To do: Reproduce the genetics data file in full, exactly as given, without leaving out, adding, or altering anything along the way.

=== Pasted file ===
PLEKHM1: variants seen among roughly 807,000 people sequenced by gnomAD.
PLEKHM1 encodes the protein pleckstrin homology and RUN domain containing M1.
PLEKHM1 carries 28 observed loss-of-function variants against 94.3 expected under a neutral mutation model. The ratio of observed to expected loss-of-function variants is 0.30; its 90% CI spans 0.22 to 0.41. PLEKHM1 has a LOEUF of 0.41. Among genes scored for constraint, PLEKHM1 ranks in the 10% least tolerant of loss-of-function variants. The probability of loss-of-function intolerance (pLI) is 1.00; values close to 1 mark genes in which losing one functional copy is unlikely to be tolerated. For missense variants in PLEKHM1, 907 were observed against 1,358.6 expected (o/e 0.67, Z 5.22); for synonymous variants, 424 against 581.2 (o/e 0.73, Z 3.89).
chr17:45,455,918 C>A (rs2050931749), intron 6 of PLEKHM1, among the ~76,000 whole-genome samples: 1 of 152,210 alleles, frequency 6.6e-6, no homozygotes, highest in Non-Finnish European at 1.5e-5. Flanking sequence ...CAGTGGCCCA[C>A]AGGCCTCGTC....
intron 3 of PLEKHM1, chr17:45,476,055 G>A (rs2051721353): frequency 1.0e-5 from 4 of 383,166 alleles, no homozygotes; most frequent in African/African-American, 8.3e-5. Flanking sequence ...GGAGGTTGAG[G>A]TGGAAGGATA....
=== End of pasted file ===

PLEKHM1: variants seen among roughly 807,000 people sequenced by gnomAD.
PLEKHM1 encodes the protein pleckstrin homology and RUN domain containing M1.
PLEKHM1 carries 28 observed loss-of-function variants against 94.3 expected under a neutral mutation model. The ratio of observed to expected loss-of-function variants is 0.30; its 90% CI spans 0.22 to 0.41. PLEKHM1 has a LOEUF of 0.41. Among genes scored for constraint, PLEKHM1 ranks in the 10% least tolerant of loss-of-function variants. The probability of loss-of-function intolerance (pLI) is 1.00; values close to 1 mark genes in which losing one functional copy is unlikely to be tolerated. For missense variants in PLEKHM1, 907 were observed against 1,358.6 expected (o/e 0.67, Z 5.22); for synonymous variants, 424 against 581.2 (o/e 0.73, Z 3.89).
chr17:45,455,918 C>A (rs2050931749), intron 6 of PLEKHM1, among the ~76,000 whole-genome samples: 1 of 152,210 alleles, frequency 6.6e-6, no homozygotes, highest in Non-Finnish European at 1.5e-5. Flanking sequence ...CAGTGGCCCA[C>A]AGGCCTCGTC....
intron 3 of PLEKHM1, chr17:45,476,055 G>A (rs2051721353): frequency 1.0e-5 from 4 of 383,166 alleles, no homozygotes; most frequent in African/African-American, 8.3e-5. Flanking sequence ...GGAGGTTGAG[G>A]TGGAAGGATA....